I just finished watching a recent episode of The Grid, where they discuss critiquing the work of  amateur photographers and how it is easy to be led astray. I’m sure we’ve all seen awful photos posted online and wondered what the photographer was thinking when they decided to share it. Sure, we all have to start somewhere, but no one is telling these people the truth! They have all been led to believe that their photographs are gorgeous, when in fact they have much to be desired.

This got me thinking. When I started photography, my only “critique” was through the inspectors at iStock. I would upload a photograph to my portfolio, and it was reviewed for technical and artistic merit before it could be available to be licensed. Social media sharing was also still in its infancy, and so I didn’t have hoards of people telling me only good things about my photographs. I grew on my own, and rarely had the chance to be critiqued.

Then, at my first Photoshop World in 2008, I finally had the opportunity to be critiqued in the “Portfolio Review” booth on the expo floor. The photographer looked at my portfolio, and had nothing bad to say. All of my photos, according to them, were great! I knew I wasn’t awful, but I was hoping to hear something that was wrong, something I could have done better. I guess it’s possible that my photos were, in fact, really good, but I was disappointed. I personally believe that nearly any photograph can be improved upon.

With any form of art, there is a learning process. When we first begin something new, we sometimes get lucky with a “perfect” creation. However, consistently creating something with very few technical flaws takes time and a LOT of practice. And when we share our work on Facebook, you will probably only hear the good feedback. The unskilled can see through the flaws to the beauty, but there are still going to be flaws. And when we only hear the good, we start to think that we are amazing. And those who do post negative comments are usually shunned (and they are oftentimes trolls, so their opinions should not even be respected). I personally will never give negative critique unless it is requested, and I assume that most reasonable people follow that way of thinking as well.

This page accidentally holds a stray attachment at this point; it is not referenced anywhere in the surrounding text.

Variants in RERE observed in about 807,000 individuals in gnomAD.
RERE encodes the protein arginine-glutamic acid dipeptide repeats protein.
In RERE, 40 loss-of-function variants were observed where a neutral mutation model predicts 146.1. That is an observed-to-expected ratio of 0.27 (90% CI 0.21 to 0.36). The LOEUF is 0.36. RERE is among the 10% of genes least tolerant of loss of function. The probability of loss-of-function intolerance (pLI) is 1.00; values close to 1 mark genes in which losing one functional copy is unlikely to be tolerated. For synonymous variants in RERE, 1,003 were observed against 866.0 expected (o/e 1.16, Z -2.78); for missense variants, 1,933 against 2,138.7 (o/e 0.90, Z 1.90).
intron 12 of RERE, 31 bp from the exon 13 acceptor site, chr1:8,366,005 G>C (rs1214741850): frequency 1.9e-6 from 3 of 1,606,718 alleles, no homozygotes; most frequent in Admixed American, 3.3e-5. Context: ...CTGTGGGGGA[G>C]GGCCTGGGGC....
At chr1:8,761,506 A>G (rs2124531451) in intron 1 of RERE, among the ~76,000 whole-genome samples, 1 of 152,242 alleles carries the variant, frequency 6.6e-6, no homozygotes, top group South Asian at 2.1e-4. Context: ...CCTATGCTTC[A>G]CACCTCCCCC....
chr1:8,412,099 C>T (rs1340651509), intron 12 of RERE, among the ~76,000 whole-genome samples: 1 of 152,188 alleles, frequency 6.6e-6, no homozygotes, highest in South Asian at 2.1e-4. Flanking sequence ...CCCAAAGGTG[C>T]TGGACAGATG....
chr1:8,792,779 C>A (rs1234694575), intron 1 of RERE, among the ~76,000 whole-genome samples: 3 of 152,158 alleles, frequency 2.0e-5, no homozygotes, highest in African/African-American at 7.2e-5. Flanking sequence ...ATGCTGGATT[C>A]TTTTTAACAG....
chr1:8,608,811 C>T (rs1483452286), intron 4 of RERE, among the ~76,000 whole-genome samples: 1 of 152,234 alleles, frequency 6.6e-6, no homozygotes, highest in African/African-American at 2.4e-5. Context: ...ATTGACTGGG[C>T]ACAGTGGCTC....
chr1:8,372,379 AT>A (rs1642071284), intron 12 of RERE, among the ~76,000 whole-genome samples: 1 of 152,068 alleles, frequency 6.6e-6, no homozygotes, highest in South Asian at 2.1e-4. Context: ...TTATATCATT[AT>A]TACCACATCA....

So here is my request: If you are asked to critique someone’s work, PLEASE BE HONEST! Tell them the good, and the bad. Give constructive critique, it will help them grow.

Editors Note: Join our G+ Community for critiques and inspiration.

In my opinion, we need balance. I may be an experienced photographer, but when it comes to pottery, a very serious hobby of mine, I am still in the early learning stages. I recently posted a few photos on Facebook of some mug designs I have been working on, and while I know they are flawed, I only heard wonderful things in the comments on Facebook. Not that I’m complaining, it’s always great to hear positive feedback! Yet I know that they are not perfect and could use a lot of refinement (technically and aesthetically), and while that doesn’t necessarily make them less beautiful, I know they could be improved. I would love to have my work critiqued by a professional potter, a real, honest critique! I can take it. After all, how else am I going to improve?

These are a few of my recent pottery mugs, in case you were wondering. :)

lavender-square-150pxNicole S. Young is a professional photographer living in Portland, Oregon. She is the author of several print books and eBooks, and runs her own online store for photographers, the “Nicolesy Store“.

You can read more of Nicole’s articles HERE, and view her work and website HERE.

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Join the conversation! 7 Comments

  1. Great article! One of the positives of going through formal training is formal critique. Critique days can be difficult for both the artist and the critics, but the outcome can be so outstanding.

  2. So true! I like the unusual combination of the cloudy LE sea with an animal

  3. Just remember there is never a “crappy” photo except a photo not taken. Every picture is a learning experience whether you’re a amateur photographer or a seasoned vet. We learn new things every day and that photography is a lot like yoga it’s a practice with every session getting better and bettet.

  4. Nice post Nicole and very true. I believe it is very difficult to become a good photographer without getting honest critique. My photography is where is today because I was lucky enough when I started out to find several groups of photographers who would give me honest (sometimes brutal) critique. I would much rather you tear my photograph apart then tell me “nice shot”.

    As for the pottery I can’t tell you about the craftsmanship but the designs seem well above average to me. :)

  5. I joint a photoclub, and we analyse our photo’s together and I learned a lot. My speciality is concertphotography and often the photo’s are analysed as a (studio)portrait and there don’t keep the situation in mind. So I also try to get some critiques by some concertphotographers to tell me where I can improve

  6. I have never minded the honest critique. I hate the “now I’ve got my shot at taking him down” critique. One of the clubs I’m in had the monthly competition night where some members left in tears! That is not helpful.


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About Nicole S. Young

Photographer, author, entrepreneur. I love photographing food and landscapes, and have written several how-to books on Photography, post-processing, and creative inspiration. You can find more about me on my blog, online store, as well as on Google+ and Twitter.


Opinion, Photography


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